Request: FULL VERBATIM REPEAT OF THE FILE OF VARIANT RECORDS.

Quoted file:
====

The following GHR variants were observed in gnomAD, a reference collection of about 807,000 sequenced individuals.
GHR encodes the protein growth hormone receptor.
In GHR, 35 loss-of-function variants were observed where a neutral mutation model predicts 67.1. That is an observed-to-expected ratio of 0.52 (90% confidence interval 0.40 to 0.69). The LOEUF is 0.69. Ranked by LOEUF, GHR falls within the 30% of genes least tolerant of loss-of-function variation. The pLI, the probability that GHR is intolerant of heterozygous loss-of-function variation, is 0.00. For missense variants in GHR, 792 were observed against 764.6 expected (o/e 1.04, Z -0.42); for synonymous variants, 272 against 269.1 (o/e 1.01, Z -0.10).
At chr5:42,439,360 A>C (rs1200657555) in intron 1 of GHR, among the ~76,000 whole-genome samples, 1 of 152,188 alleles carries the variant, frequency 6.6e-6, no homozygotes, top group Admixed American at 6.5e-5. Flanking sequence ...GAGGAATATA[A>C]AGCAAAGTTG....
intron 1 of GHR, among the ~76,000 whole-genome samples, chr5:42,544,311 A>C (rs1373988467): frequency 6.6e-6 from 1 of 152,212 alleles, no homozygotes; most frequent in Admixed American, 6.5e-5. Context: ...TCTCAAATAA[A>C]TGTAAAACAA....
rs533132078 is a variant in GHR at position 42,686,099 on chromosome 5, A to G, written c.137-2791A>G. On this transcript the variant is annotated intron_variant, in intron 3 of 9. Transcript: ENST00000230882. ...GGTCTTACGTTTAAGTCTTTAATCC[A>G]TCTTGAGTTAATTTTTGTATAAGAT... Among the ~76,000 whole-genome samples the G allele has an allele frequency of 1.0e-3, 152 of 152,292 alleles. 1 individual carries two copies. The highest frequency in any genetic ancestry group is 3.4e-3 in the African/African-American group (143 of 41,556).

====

The following GHR variants were observed in gnomAD, a reference collection of about 807,000 sequenced individuals.
GHR encodes the protein growth hormone receptor.
In GHR, 35 loss-of-function variants were observed where a neutral mutation model predicts 67.1. That is an observed-to-expected ratio of 0.52 (90% confidence interval 0.40 to 0.69). The LOEUF is 0.69. Ranked by LOEUF, GHR falls within the 30% of genes least tolerant of loss-of-function variation. The pLI, the probability that GHR is intolerant of heterozygous loss-of-function variation, is 0.00. For missense variants in GHR, 792 were observed against 764.6 expected (o/e 1.04, Z -0.42); for synonymous variants, 272 against 269.1 (o/e 1.01, Z -0.10).
At chr5:42,439,360 A>C (rs1200657555) in intron 1 of GHR, among the ~76,000 whole-genome samples, 1 of 152,188 alleles carries the variant, frequency 6.6e-6, no homozygotes, top group Admixed American at 6.5e-5. Flanking sequence ...GAGGAATATA[A>C]AGCAAAGTTG....
intron 1 of GHR, among the ~76,000 whole-genome samples, chr5:42,544,311 A>C (rs1373988467): frequency 6.6e-6 from 1 of 152,212 alleles, no homozygotes; most frequent in Admixed American, 6.5e-5. Context: ...TCTCAAATAA[A>C]TGTAAAACAA....
rs533132078 is a variant in GHR at position 42,686,099 on chromosome 5, A to G, written c.137-2791A>G. On this transcript the variant is annotated intron_variant, in intron 3 of 9. Transcript: ENST00000230882. ...GGTCTTACGTTTAAGTCTTTAATCC[A>G]TCTTGAGTTAATTTTTGTATAAGAT... Among the ~76,000 whole-genome samples the G allele has an allele frequency of 1.0e-3, 152 of 152,292 alleles. 1 individual carries two copies. The highest frequency in any genetic ancestry group is 3.4e-3 in the African/African-American group (143 of 41,556).